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    American Arts & Crafts Chandelier, ca. 1905

    Appraised Value:


    Appraised on: June 4, 2011

    Appraised in: Eugene, Oregon

    Appraised by: Arlie Sulka

    Category: Glass

    Episode Info: Eugene, Hour 1 (#1604)

    Originally Aired: January 23, 2012

    slideshow IMAGE: 1 of 1  

    More Like This:

    Form: Chandelier
    Material: Glass
    Period / Style: Arts and Crafts
    Value Range: $10,000

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    Appraisal Video: (3:20)


    Appraised By:

    Arlie Sulka
    Lillian Nassau, LLC

    Appraisal Transcript:
    GUEST: It was part of my father-in-law's house that he purchased in 1930.

    APPRAISER: Mm-hmm.

    GUEST: The house was built in 1905, and this supposedly was part of the original furnishings of that house when it was built in 1905. A Victorian house.

    APPRAISER: Now, do you watch Antiques Roadshow?

    GUEST: Oh yes, all the time. That's one of the reasons I'm here today, is because approximately 15 years ago, I don't know, I know it was before you had the remote on the television where you can stop it, the Roadshow on that particular night had a vase, and the vase had the same pattern as this. The appraiser called it the "Rabbit and Toadstool," and it was supposedly an Italian artist during the same vintage period of Tiffany. And as I remember, they appraised that vase for $13,000.

    APPRAISER: Well, what I can tell you is, it's definitely not Italian.

    GUEST: Oh, okay.

    APPRAISER: But, what it is, it's a very fine example of New England Arts and Crafts lighting, probably dating from around the time the house was built, maybe 1905, maybe even 1910. And the reason why I say this is mainly because I'm looking at this border. Now, of course, you know the toadstools are in the eyes of the beholder. I see it more as a rabbit and snow trees, and this is a motif that actually was used on one of the prominent New England pottery companies on some of their pieces. This was a motif that they used.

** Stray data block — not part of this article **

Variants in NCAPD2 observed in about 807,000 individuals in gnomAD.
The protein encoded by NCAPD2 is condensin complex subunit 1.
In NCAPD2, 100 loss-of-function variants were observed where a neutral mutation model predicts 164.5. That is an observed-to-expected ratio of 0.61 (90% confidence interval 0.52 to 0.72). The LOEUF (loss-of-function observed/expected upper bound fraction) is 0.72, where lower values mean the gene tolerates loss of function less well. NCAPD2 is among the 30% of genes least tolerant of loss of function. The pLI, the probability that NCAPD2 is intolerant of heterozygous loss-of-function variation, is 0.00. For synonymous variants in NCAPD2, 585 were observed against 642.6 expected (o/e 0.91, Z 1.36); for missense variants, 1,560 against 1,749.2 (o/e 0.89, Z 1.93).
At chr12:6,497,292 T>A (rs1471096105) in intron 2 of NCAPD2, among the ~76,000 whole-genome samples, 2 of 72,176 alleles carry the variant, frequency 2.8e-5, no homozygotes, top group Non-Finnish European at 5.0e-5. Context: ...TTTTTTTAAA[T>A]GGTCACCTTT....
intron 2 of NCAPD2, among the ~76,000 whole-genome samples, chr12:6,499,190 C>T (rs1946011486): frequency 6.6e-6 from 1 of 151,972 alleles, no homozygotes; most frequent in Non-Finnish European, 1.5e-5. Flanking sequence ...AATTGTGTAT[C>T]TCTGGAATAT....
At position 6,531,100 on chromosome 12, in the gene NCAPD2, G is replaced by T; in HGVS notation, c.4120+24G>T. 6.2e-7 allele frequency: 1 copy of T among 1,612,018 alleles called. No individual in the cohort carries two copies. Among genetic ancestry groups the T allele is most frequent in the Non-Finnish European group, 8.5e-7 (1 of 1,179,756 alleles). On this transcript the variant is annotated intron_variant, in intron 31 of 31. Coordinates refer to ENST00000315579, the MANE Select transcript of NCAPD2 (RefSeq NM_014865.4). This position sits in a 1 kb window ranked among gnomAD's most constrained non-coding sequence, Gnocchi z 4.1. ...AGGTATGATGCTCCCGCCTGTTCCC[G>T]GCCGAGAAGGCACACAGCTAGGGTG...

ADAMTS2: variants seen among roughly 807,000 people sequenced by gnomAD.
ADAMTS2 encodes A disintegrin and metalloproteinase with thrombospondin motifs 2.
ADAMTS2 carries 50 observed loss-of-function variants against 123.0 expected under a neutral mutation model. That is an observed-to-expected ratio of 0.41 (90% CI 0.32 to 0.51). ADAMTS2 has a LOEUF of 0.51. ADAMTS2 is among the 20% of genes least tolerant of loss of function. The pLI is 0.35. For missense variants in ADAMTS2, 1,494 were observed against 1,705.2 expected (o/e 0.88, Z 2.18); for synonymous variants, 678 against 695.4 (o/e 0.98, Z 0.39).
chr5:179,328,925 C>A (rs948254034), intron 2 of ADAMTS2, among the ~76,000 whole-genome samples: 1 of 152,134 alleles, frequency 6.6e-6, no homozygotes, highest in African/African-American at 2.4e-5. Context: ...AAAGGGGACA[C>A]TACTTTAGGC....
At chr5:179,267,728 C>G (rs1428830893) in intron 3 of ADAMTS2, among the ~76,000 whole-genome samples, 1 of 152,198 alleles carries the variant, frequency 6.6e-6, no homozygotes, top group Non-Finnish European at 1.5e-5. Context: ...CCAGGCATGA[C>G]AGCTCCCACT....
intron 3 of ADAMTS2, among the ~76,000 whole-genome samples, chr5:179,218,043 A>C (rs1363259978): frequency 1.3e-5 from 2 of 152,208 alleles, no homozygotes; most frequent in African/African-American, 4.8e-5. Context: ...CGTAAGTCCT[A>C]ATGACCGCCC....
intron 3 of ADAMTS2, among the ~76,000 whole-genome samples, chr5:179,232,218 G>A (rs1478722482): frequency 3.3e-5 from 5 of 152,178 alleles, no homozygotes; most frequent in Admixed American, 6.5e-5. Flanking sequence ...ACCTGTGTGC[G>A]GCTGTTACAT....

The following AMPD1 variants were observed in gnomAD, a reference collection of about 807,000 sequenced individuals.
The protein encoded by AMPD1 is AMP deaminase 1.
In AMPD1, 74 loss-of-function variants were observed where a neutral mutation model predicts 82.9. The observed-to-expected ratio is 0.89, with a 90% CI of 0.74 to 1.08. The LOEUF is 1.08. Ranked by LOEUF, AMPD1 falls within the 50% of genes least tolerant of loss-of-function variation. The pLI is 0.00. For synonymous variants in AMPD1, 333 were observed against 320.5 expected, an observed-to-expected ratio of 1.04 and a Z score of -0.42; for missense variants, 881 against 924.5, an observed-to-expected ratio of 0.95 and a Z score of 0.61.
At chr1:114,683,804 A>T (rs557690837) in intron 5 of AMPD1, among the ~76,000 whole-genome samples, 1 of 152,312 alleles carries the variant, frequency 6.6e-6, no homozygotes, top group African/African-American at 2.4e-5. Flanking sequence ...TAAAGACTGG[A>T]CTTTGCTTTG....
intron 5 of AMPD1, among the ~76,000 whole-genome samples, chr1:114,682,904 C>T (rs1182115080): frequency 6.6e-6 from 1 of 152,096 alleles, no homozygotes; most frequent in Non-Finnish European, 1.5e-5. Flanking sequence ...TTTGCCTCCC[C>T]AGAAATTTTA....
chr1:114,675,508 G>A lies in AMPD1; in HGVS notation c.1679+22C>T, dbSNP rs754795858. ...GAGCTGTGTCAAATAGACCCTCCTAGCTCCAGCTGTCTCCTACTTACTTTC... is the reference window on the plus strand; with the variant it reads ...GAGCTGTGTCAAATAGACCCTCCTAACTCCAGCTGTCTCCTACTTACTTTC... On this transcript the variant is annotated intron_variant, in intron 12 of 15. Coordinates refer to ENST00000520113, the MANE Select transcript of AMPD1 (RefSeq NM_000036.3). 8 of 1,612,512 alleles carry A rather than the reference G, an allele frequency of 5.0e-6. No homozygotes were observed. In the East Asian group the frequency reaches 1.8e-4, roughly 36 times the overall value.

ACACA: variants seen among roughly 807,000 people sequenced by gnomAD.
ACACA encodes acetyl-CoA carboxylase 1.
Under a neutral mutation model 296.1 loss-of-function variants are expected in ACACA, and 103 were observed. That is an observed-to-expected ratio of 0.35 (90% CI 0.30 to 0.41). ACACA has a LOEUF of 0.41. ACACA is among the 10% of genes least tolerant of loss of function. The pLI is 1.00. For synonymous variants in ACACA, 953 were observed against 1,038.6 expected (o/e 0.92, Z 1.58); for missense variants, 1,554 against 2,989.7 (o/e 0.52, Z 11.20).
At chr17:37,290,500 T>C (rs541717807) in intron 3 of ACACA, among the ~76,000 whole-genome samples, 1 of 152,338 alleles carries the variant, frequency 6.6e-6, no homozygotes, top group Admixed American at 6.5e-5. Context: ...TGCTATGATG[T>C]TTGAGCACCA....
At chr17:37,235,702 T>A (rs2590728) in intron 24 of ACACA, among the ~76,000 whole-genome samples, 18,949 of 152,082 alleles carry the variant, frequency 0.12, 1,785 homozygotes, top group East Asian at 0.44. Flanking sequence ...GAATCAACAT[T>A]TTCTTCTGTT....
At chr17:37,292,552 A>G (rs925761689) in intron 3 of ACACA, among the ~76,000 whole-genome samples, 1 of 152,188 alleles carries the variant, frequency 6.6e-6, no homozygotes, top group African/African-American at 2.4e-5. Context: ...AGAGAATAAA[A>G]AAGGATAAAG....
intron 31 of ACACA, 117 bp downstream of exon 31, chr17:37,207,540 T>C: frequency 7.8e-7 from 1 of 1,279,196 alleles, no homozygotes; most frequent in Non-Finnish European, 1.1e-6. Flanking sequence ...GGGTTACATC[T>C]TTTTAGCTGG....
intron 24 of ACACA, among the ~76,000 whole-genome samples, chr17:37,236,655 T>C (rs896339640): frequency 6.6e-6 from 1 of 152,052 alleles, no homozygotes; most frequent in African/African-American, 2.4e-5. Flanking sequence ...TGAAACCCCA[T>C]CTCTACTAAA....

GUEST: New England.

    APPRAISER: In New England, yes, in the Massachusetts area. So it got me to thinking when I saw the shade, well, I know it's not a Tiffany shade, but the quality is very nice and the motif is really interesting and it's different. And I thought maybe it could be a Bigelow and Kennard shade, and that was a Boston company that did make some leaded glass shades. So I talked to a couple of my fellow appraisers. Some thought maybe it could be Bigelow Kennard, others said, "No, I don't think it is," based on the color of the glass and possibly the shape. So, what we're going to have to do is more research to find out what it is. But there are some great things about it. Under here, on the bodies of the rabbits, is what we call plating. It's an extra bit of plating. Instead of just having one layer of the stained glass, there is a second layer. Now you would see that often in Tiffany windows, and once in a very rare moment you might see it in a Tiffany lamp. And I haven't seen it that many times. That's a very unusual thing. It denotes a certain type of quality, so when you look through it, it's not completely white, but you have some darkness here, so it gives more of a three- dimensionality to the rabbit. It also has some beautiful granite kind of glass on the inside, too. It's a little pebbly in the surface. So I think that at a retail venue, in a very good shop that may sell Arts and Crafts lighting, this could sell for $10,000.

    GUEST: Mm-hmm.

    APPRAISER: If we could do more research and actually pinpoint who made it, it could be a lot more. But what I can assure you is, that regardless of who made it, it is a great example of American Arts and Crafts lighting.

    GUEST: Thank you very much.

    APPRAISER: You're welcome.

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